Standing: DuEwa Kamara, Jeffrey Rubin, Yukiko Takedai, Amy Kett,
Stuart Rosenthal, Jack Stabile

Seated: Michelle Powell, Carol Barth, Judith Block, Audrey Kunkler

The third Encore of this season took place at Gaithersburg Library in Gaithersburg, Maryland. This is a new venue for the club. Several of the branch libraries in Montgomery County have meeting/gathering rooms with pianos. The one at this branch is a nice Kawai parlor grand in polished mahogany finish.

Amy Kett started off the recital with the Andante movement from Brahms’ third sonata. She mentioned that the movement is programmatic in that it opens by quoting a poem, and that the sonata is likely one of the works that Brahms brought with him when he first visited Robert and Clara Schumann in 1853. 

Carol Barth was next up, and she started with another Brahms work: the Intermezzo in B minor. She also talked about the connection between Brahms and the two Schumanns, and played a work by each of the three composers. 

Next was Michelle Powell, who played the Chopin “Revolutionary” Etude, first telling how it was inspired by Chopin’s anger and pain over the failed Polish rebellion against Russia. She followed with the popular Granados Spanish dance “Andaluza.”

DuEwa Kamara played the opening piece from Debussy’s “Suite Bergamasque,” first remarking how it is an early work of Debussy dating from 1890, but not published until over 10 years later, and that the title of the suite refers to a type of dance. 

Yukiko Takedai was next, with Chopin’s fourth Ballade. It is the longest and most intricate of the four Ballades, and is regarded by many as a pinnacle of Romantic-era piano composition. 

Jeffrey Rubin introduced us to a little-known Brazilian composer — Luiz Levy — with a waltz that alternates minor and major key sections, and, following that, a short prelude by Russian “mighty five” composer Cesar Cui.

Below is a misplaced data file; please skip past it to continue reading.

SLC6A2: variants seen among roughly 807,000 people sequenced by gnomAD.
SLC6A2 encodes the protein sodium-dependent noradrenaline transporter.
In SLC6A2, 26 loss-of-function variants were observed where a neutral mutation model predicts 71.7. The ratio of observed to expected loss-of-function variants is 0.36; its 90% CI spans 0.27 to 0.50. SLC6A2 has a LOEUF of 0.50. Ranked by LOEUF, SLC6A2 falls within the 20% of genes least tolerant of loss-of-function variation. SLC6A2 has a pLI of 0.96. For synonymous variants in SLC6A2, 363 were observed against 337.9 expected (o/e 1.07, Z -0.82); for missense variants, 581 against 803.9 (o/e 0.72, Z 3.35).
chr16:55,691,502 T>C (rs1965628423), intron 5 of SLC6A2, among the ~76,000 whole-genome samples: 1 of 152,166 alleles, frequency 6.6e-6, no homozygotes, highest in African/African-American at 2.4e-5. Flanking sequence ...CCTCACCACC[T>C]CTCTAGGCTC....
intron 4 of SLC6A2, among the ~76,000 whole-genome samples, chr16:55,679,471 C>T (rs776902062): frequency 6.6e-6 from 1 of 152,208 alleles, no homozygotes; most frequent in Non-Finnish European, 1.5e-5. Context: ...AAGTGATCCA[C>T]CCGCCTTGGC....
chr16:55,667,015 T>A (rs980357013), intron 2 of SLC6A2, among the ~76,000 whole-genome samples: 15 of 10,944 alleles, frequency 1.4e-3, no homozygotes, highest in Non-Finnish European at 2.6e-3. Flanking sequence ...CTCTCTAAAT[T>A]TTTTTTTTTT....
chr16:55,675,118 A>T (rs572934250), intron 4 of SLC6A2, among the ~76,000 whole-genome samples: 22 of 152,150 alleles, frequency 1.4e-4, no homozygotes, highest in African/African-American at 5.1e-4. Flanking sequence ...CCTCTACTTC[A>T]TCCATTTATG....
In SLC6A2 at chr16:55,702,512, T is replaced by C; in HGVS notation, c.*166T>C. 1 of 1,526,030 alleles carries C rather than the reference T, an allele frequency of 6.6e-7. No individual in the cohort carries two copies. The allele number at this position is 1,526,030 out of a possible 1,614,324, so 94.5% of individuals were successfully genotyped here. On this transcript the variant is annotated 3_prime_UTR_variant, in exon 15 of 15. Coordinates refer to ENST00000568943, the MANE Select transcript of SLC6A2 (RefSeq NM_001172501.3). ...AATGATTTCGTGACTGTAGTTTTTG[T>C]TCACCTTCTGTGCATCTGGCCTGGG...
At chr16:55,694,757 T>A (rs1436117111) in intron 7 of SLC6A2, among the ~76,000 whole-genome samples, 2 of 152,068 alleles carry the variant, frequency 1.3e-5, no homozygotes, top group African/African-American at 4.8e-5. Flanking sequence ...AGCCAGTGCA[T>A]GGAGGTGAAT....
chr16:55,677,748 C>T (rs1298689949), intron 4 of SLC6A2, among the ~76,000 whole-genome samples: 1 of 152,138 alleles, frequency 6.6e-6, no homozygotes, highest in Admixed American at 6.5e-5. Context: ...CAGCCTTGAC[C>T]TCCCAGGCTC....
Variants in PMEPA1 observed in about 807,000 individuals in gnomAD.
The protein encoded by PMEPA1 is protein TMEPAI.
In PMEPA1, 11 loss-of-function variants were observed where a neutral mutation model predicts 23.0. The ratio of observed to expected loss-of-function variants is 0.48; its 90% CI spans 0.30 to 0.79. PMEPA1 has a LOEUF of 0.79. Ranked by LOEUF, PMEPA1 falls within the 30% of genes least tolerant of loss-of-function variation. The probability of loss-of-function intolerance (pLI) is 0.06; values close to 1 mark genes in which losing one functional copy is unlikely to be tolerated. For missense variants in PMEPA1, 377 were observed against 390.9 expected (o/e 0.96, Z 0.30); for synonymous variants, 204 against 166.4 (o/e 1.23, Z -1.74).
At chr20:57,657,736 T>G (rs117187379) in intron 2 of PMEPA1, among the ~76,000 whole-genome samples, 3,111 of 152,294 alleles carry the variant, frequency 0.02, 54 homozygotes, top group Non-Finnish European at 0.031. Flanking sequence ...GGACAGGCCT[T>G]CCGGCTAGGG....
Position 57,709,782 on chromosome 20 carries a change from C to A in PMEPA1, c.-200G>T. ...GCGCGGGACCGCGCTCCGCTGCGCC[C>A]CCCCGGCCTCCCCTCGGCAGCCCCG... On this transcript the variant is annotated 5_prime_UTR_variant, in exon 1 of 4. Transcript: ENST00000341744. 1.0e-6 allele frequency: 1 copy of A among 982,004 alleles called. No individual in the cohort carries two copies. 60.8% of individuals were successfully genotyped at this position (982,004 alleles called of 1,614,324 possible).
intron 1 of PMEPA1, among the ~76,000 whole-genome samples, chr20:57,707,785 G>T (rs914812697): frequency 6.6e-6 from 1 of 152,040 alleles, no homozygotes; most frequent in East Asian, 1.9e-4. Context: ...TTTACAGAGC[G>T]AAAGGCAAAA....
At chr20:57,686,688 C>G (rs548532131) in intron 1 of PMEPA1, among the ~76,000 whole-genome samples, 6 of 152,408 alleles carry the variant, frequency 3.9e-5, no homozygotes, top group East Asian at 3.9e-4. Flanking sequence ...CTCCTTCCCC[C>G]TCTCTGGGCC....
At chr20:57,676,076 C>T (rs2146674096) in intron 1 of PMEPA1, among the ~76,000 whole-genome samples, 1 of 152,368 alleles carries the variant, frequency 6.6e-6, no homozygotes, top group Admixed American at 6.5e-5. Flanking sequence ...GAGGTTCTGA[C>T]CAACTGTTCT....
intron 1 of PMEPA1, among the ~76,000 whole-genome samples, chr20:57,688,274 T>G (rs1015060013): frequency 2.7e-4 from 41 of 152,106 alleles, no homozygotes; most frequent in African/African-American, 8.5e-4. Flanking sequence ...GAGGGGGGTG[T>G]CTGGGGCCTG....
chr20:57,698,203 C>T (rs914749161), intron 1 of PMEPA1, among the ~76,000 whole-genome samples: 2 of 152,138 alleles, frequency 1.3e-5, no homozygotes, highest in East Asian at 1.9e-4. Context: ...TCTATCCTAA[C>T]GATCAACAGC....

Judith Block followed with two more preludes by another Russian composer, Rachmaninoff. She remarked that the first of the two highly contrasting works was labeled as a minuet, but a very different sort of minuet than that seen in an earlier musical era, and that the second was a favorite encore of Horowitz. 

Next, Stuart Rosenthal played Bortkiewicz’s “Humoreske.” Then he got up and introduced his next piece — the Kabalevsky Prelude Op. 5, No. 2. He said it is so short and ends so abruptly, that it seems like there should be more. So, he tapped his compositional ability to create a longer piece inspired by the material of Kabalevsky. 

Jack Stabile closed the recital with Chopin’s second Scherzo. He said that Chopin turned the Scherzo form on its head, giving us the opposite of the light humor and frolic of the Classical period scherzi. In recent Encores, Jack has also played the first and fourth scherzi. Just one more to go!

Our next Encore recital will be held on Saturday, July 6th. If you wish to participate, contact Mark Ross at


Sonata in F minor, Op. 5 — J. Brahm
II. Andante
Amy Kett, piano

Intermezzo in B minor (Op. 119, No. 1) — J. Brahms
Impromptu in E major (1844) — C. Schumann
Des Abends (Op. 12, No. 1) — R. Schumann
from Fantasiestücke
Carol Barth, piano

Etude in C minor (Op. 10, No. 12) — F. Chopin
Danza Española No. 5: Andaluza (Playera) — E. Granados
Michelle Powell, piano

Prélude from Suite Bergamasque — C. Debussy
DuEwa Kamara, piano

Ballade in F minor (Op. 52, No. 4) — F. Chopin
Yukiko Takedai, piano

Valsa lenta (Op. 32, No. 4) — L. Levy
Prelude in E major (Op. 64, No. 9) — C. Cui
 Jeffrey Rubin, piano

Prelude in D minor (Op. 23, No. 3) — S. Rachmaninoff
Prelude in G major (Op. 32, No. 5) — S. Rachmaninoff
Judith Block, piano

Humoreske (Op. 61, No. 4) — S. Bortkiewicz
 from Fantasiestücke
Prelude in C major (Op. 5, No. 2) — D. Kabalevsky
Fantasy on a Prelude by Kabalevsky — original work by the pianist
Stuart Rosenthal, piano

Scherzo in Bb minor (Op. 31, No. 2) — F. Chopin
Jack Stabile, piano